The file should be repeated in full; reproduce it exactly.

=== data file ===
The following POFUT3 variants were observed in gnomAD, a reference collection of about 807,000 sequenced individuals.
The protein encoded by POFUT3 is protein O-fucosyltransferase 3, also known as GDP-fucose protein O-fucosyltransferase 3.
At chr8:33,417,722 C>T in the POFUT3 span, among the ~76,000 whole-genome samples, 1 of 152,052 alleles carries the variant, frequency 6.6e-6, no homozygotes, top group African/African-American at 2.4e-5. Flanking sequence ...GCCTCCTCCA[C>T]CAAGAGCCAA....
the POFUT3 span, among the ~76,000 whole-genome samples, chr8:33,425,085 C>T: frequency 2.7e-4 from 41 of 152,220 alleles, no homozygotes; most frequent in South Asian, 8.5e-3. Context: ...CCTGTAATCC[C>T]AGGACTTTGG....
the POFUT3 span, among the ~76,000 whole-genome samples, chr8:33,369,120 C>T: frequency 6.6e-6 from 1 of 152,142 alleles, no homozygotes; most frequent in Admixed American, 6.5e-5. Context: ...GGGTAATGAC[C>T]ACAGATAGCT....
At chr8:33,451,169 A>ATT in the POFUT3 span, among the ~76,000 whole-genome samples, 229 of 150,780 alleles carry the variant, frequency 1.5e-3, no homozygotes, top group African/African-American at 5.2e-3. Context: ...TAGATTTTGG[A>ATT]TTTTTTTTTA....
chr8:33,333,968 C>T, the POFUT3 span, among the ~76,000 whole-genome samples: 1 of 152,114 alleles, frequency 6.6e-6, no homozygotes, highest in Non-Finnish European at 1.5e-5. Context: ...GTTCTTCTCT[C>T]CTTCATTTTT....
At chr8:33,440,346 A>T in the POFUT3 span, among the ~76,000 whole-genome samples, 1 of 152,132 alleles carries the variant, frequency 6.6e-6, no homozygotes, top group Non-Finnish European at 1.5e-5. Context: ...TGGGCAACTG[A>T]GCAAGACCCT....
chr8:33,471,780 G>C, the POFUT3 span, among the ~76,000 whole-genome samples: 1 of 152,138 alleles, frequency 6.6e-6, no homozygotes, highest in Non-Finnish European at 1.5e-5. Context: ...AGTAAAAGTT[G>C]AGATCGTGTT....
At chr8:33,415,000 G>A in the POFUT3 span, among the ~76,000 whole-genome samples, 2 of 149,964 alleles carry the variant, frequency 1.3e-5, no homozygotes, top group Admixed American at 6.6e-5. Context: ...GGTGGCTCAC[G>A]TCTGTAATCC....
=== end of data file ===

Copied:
The following POFUT3 variants were observed in gnomAD, a reference collection of about 807,000 sequenced individuals.
The protein encoded by POFUT3 is protein O-fucosyltransferase 3, also known as GDP-fucose protein O-fucosyltransferase 3.
At chr8:33,417,722 C>T in the POFUT3 span, among the ~76,000 whole-genome samples, 1 of 152,052 alleles carries the variant, frequency 6.6e-6, no homozygotes, top group African/African-American at 2.4e-5. Flanking sequence ...GCCTCCTCCA[C>T]CAAGAGCCAA....
the POFUT3 span, among the ~76,000 whole-genome samples, chr8:33,425,085 C>T: frequency 2.7e-4 from 41 of 152,220 alleles, no homozygotes; most frequent in South Asian, 8.5e-3. Context: ...CCTGTAATCC[C>T]AGGACTTTGG....
the POFUT3 span, among the ~76,000 whole-genome samples, chr8:33,369,120 C>T: frequency 6.6e-6 from 1 of 152,142 alleles, no homozygotes; most frequent in Admixed American, 6.5e-5. Context: ...GGGTAATGAC[C>T]ACAGATAGCT....
At chr8:33,451,169 A>ATT in the POFUT3 span, among the ~76,000 whole-genome samples, 229 of 150,780 alleles carry the variant, frequency 1.5e-3, no homozygotes, top group African/African-American at 5.2e-3. Context: ...TAGATTTTGG[A>ATT]TTTTTTTTTA....
chr8:33,333,968 C>T, the POFUT3 span, among the ~76,000 whole-genome samples: 1 of 152,114 alleles, frequency 6.6e-6, no homozygotes, highest in Non-Finnish European at 1.5e-5. Context: ...GTTCTTCTCT[C>T]CTTCATTTTT....
At chr8:33,440,346 A>T in the POFUT3 span, among the ~76,000 whole-genome samples, 1 of 152,132 alleles carries the variant, frequency 6.6e-6, no homozygotes, top group Non-Finnish European at 1.5e-5. Context: ...TGGGCAACTG[A>T]GCAAGACCCT....
chr8:33,471,780 G>C, the POFUT3 span, among the ~76,000 whole-genome samples: 1 of 152,138 alleles, frequency 6.6e-6, no homozygotes, highest in Non-Finnish European at 1.5e-5. Context: ...AGTAAAAGTT[G>C]AGATCGTGTT....
At chr8:33,415,000 G>A in the POFUT3 span, among the ~76,000 whole-genome samples, 2 of 149,964 alleles carry the variant, frequency 1.3e-5, no homozygotes, top group Admixed American at 6.6e-5. Context: ...GGTGGCTCAC[G>A]TCTGTAATCC....